Coming from a farming family, I can sympathize with the California greens' growers. Spinach, one of the main crops grown in California's imperial Valley that includes Monterey, San Benito and Santa Clara counties, was implicated in the outbreak of E.coli that, according to federal regulators, killed at least one person and sickened 187 others a few weeks ago in the United States and Canada. It's been more than a month since the investigation began and still there is no proof where the bacterial contamination originated. The California Valley fertile farm region produces three-quarters of the United States spinach supply. Organic spinach appears to be a bumper crop but won't be ready to harvest until November.
However, because of the investigation and the call to remove all loose spinach and packaged mixed greens from store shelves with a use-by dates of Aug. 17 to Oct. 1, the industry may never recover.
Dave Kranz, a spokesman for the California Farm Bureau Federation in Sacramento, said, counting this outbreak, the largest ever in the United States involving fresh produce, the sometimes-lethal bacterium E.coli 0157:H7 has contaminated lettuce and spinach 20 times in the past decade but was quickly under control.
According to a published report, the Food and Drug Administration (FDA) lifted the three-county warning but has ordered the California produce industry to develop a comprehensive set of guide lines to ensure that contamination does not occur again. So, in the meantime, enjoy Popeye's favorite food cooked or in a salad.
Meanwhile, closer to home, when you purchase produce from local farm stands be sure to look it over closely. A white or grayish powder is sometimes found around the stems of fruit and on the stems and leaves of cabbage, cauliflower, celery and lettuce. This powder indicates spray residues of chemicals used by growers and are not usually dangerous; however, some may be. All fruits and vegetables must be washed before eaten raw or cooked. Cooking alone will not destroy spray chemicals.
When visiting your favorite waterfront community or fish market to purchase some fish or shellfish for dinner, look for these sure signs of spoilage: if there is an off-odor, fish gills are gray or green, eyes are sunken, flesh is easily pulled away from the bones, a mark of fingernail indentation remains in the flesh and the fish is not rigid. All shellfish, clams and mussels, etc., should be tightly closed and under the New York State Sanitary Code, all fresh or frozen shellfish or shucked shellfish (clams, mussels and oysters) must be properly tagged. Tags on containers of shellfish must be pre-printed or stamped with the names, addresses and state permit number of shippers. Containers of shellfish (shellfish in the shell) must be marked to include the area of harvest. Shrimp may be spoiled if a color appears on the upper fins and near to the tail, and, if there is an off-odor similar to ammonia.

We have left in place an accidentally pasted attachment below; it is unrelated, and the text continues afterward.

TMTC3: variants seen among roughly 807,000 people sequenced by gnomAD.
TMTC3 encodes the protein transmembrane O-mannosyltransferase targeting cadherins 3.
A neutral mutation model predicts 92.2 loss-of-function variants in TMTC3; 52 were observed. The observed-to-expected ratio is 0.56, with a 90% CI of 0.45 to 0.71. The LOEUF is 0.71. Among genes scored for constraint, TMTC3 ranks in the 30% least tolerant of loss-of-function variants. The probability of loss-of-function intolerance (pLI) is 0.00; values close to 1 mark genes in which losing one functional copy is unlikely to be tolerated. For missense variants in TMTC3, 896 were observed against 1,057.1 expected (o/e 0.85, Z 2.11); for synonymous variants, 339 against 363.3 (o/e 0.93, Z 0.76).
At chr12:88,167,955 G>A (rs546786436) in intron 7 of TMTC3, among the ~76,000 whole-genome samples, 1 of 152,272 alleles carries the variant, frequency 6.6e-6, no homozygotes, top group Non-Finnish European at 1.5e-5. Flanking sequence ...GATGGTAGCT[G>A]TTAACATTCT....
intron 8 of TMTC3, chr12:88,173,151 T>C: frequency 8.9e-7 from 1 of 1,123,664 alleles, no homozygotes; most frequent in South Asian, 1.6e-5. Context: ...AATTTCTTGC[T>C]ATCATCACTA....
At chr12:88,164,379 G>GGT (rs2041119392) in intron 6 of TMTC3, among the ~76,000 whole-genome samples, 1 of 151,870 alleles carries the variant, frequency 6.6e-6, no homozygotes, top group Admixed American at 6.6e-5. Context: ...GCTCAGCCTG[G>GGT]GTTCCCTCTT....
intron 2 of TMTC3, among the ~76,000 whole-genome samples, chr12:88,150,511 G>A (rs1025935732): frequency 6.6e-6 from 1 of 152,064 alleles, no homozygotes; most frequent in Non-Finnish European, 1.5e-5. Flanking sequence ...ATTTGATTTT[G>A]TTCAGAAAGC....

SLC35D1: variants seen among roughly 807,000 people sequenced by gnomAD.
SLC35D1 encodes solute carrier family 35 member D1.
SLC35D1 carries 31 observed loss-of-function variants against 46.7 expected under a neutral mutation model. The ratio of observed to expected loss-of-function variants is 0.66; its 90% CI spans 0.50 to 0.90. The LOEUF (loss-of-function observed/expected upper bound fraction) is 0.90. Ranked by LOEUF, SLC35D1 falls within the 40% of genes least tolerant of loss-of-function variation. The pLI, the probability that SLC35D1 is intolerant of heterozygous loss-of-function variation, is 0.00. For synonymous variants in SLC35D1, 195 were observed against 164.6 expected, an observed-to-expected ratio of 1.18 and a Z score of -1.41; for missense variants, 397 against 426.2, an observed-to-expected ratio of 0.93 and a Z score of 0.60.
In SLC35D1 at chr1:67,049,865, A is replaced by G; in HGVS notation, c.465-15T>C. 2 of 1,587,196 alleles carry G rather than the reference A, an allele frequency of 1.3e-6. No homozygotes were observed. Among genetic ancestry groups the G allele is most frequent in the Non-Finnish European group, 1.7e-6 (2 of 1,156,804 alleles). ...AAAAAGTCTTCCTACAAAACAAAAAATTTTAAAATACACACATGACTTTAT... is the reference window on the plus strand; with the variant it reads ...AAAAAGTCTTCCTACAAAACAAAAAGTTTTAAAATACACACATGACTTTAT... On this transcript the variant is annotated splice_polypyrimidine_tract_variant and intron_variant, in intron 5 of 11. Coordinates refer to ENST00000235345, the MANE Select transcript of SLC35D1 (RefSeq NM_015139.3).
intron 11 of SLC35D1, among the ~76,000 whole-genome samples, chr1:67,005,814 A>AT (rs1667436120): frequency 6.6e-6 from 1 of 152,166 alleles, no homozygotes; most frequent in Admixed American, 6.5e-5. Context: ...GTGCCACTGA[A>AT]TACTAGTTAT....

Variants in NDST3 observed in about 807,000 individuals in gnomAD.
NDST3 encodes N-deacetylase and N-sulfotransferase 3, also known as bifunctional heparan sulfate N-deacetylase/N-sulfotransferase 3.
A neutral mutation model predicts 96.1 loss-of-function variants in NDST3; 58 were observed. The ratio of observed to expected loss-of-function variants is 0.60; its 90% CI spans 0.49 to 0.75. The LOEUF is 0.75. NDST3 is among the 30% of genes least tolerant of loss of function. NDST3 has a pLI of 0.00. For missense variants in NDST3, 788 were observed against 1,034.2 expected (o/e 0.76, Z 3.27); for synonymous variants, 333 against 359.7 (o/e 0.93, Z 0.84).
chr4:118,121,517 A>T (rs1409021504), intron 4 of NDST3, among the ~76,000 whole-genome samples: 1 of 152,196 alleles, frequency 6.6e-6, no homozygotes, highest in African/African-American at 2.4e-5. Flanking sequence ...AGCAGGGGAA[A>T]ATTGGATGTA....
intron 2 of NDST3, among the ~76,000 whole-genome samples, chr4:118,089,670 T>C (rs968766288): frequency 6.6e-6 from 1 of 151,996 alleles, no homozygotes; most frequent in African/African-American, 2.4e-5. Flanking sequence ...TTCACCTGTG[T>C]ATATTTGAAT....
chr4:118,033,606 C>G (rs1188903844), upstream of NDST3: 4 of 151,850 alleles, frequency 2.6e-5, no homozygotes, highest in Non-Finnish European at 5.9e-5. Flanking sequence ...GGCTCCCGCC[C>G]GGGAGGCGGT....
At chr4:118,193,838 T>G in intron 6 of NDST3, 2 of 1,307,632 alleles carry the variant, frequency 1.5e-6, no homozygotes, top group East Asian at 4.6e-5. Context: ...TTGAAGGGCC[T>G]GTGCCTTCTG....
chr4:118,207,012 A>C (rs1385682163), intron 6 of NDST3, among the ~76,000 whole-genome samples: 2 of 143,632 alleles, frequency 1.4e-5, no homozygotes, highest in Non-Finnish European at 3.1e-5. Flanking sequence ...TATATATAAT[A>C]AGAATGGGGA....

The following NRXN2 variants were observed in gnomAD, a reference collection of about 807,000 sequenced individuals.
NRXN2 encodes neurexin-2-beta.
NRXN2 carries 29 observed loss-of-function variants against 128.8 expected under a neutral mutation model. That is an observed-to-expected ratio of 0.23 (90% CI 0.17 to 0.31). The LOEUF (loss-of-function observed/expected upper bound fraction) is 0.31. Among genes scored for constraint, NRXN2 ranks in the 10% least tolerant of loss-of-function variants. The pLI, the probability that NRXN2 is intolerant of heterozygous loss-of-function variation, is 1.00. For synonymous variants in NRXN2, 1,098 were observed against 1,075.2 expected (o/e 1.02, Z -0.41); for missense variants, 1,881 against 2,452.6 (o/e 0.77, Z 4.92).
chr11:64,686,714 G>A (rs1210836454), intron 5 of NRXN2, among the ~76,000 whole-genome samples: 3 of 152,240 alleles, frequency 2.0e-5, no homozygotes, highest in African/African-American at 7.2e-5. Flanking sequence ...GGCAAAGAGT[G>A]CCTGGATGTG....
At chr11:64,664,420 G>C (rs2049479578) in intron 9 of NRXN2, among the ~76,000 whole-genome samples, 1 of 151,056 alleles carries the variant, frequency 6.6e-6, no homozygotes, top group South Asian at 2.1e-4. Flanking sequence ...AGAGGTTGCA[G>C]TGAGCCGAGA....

Meats are usually spoiled if there is an off-odor and slimy to the touch. Beef usually spoils first on the surface. Pork spoils first at the meeting point of the bone, flesh and inner portions.
The Nassau County Department of Health grants temporary food service permits for brief durations to each vendor who sells hot or cold foods at carnivals, feasts, bazaars, flea markets, street fairs, organizations' festivals, circuses etc., and the permit must be posted at each food stand. Roadside hot dog and sausage stands are also required by the Nassau County Department of health law to file for a food handler permit and display it properly. And, all vendors handling or cooking the food to be sold must wear disposable gloves and a clean apron to cover street clothing, including your favorite pizza cook.
According to David M. Ackman, MD, MPH, commissioner, if you witness a food vendor not complying with the policy and procedure mandated by the Nassau County Department of Health, you should call 571-3410.
John H. Meyer